The theme for this year's integrated report – Fit for the future – expresses the focus of our efforts in 2019, when we worked to further streamline the business to future-proof it from both a sustainability and business performance perspective. In an increasingly competitive market, we concentrated on better managing factors within our control, including taking decisive steps to address our cost base and optimise our portfolio.
In his review, the chairman highlights Nampak's position on sustainable packaging, amid growing awareness of the harmful impact on the environment of thoughtlessly discarded single-use plastic. He also discusses the challenging macro-economic context in which we operated in the year, which contributed to a mixed financial performance.
Earnings per share declined by 76% and headline earnings per share fell by 69%. This was affected in large part by the accounting treatment of our businesses in Zimbabwe, where – because of hyperinflation – we were obliged to use the closing rate of the rand against the local currency rather than the average rate during the year.
After reporting steady improvements in our safety performance for the past five years, in 2019 this deteriorated. The increase in our lost-time injury frequency rate was disappointing and hardened our resolve to ensure that safety remains our top priority. Committed to playing our part in South Africa's transformation to a more equal society, we reported a much stronger B-BBEE contributor status. The improvement to level 2 in November 2019 from level 6 a year earlier is an exceptional achievement, and testament to our determination to be a good corporate citizen for the benefit of all South Africans. As many of our customers place a strong emphasis on B-BBEE scores when assessing bids to supply packaging, Nampak's level 2 also has important implications for our competitive position going forward.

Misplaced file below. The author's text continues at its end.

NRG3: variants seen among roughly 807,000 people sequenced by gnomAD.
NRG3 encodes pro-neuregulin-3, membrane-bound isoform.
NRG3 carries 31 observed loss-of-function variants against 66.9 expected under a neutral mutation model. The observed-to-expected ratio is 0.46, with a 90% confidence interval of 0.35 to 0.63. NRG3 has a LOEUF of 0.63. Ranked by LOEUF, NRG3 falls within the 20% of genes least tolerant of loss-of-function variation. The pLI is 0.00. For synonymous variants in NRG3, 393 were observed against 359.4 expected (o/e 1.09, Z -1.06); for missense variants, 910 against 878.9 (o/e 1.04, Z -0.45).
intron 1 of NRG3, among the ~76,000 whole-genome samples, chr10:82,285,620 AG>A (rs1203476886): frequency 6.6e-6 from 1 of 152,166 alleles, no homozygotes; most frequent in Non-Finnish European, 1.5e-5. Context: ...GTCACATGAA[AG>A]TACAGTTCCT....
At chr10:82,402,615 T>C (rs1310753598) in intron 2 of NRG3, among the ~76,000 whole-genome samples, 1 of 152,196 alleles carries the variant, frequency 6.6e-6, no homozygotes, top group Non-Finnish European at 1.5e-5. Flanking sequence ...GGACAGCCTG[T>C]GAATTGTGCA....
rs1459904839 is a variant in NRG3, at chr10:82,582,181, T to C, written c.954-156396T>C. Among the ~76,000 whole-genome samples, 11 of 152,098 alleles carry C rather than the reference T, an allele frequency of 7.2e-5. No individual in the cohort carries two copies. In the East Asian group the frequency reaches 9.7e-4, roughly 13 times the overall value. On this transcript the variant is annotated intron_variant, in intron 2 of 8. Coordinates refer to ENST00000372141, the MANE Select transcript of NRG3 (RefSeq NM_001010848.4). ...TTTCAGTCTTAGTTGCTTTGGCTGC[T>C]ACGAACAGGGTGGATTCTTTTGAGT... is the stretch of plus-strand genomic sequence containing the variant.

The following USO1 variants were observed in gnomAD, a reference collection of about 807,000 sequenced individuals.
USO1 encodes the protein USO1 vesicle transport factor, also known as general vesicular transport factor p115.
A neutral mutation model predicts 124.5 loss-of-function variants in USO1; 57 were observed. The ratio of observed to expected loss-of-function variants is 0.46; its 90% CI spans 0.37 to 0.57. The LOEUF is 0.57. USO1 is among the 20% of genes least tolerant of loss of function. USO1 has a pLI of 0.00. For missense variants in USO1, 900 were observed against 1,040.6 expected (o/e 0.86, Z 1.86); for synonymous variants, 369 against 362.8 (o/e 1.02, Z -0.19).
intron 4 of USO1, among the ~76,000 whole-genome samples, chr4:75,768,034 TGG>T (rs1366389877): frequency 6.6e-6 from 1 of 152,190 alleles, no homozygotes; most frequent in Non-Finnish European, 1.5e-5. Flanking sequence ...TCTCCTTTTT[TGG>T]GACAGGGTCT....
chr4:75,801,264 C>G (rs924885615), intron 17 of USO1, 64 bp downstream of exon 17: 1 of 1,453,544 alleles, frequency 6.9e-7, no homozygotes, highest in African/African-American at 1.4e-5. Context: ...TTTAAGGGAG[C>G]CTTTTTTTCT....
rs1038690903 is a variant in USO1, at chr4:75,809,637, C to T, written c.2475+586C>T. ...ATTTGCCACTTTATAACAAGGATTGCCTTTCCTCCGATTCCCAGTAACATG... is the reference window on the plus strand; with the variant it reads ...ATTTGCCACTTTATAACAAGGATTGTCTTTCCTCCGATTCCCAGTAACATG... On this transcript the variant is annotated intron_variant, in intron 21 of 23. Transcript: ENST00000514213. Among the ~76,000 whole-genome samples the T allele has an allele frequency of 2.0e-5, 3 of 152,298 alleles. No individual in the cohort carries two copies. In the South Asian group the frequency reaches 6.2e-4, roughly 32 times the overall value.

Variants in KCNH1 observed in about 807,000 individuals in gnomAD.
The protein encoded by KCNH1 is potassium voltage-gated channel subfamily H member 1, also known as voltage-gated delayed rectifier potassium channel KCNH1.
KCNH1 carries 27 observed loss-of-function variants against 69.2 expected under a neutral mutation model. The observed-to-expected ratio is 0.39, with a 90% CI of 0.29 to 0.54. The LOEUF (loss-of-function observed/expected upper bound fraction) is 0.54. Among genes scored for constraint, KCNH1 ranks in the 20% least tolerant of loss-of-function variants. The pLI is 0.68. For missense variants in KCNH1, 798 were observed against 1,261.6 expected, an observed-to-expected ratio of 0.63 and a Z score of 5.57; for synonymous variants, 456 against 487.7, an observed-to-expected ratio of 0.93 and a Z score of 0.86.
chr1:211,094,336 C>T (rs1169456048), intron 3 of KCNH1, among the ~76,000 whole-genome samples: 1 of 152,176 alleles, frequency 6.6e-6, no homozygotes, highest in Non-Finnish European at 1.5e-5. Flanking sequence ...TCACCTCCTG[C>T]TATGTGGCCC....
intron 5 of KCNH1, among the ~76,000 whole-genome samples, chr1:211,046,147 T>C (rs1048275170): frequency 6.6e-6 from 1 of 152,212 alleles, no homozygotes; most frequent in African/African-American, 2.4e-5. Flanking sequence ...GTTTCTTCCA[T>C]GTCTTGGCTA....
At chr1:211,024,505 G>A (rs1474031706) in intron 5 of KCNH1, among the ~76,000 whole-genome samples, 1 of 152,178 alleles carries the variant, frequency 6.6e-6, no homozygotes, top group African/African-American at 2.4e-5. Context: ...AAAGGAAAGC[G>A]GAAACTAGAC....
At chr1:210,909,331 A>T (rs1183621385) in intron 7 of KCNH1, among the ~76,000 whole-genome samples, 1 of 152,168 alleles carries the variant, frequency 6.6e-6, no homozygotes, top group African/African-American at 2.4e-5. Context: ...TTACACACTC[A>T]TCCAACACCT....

Our South African beverage can business, Bevcan, performed very well in 2019, defending a strong market position and preserving profitability through cost reduction and efficiency improvements, supported by good underlying growth in the South African beverage can market. The Bevcan business in Angola was well managed in difficult circumstances - including a sharp drop in consumer spending which adversely affected sales volumes. We responded quickly by reducing group costs by R412 million after the market contracted in the second quarter. In Nigeria, Bevcan increased both sales volumes and market share, and our factory there is running at close to full capacity with opportunities to expand our production capability.
Our South African Plastics business recorded a definitive improvement in operational performance, reducing waste and reporting greater efficiencies. The liquid cartons business continued to do very well, growing volumes and new markets. In both these businesses, strong management, sound basics and new product development driven by environmental considerations were impressive and the prospects are good.
DivFood in South Africa and Nampak Plastics Europe in the United Kingdom, however, both had a challenging year, not meeting their potential and reporting losses. These businesses are focused on significantly reducing operating costs to improve their financial performance in the year ahead.
In Zimbabwe, we actively managed the group's exposure to the impact of economic volatility. We did this by not extending any further credit to our businesses there, and by concluding a hedging agreement with the Reserve Bank of Zimbabwe to protect US$67 million of historical debt against devaluation. Hyperinflationary accounting posed significant complexities, but at a fundamental level, the Zimbabwean businesses are well run, with a focus on managing raw material availability by leveraging export proceeds.
Delivering on strategy
Within this operating context, we remained driven to deliver on our strategy: to unlock further value from our base business and accelerate growth in the Rest of Africa. On the first objective, we reported encouraging progress, particularly with regards to unlocking value through the active management of our portfolio.
In September 2019, we entered into an agreement to dispose of Nampak Glass on a cash-free, debt-free basis. In recent years, the financial returns of this business have failed to meet the levels we require because of an inability to secure the right skills to run the technically complex production processes, high levels of capital expenditure and high fixed costs. Frequent interruptions to municipal power supply to the furnaces – which need high and stable temperatures – have presented an additional challenge.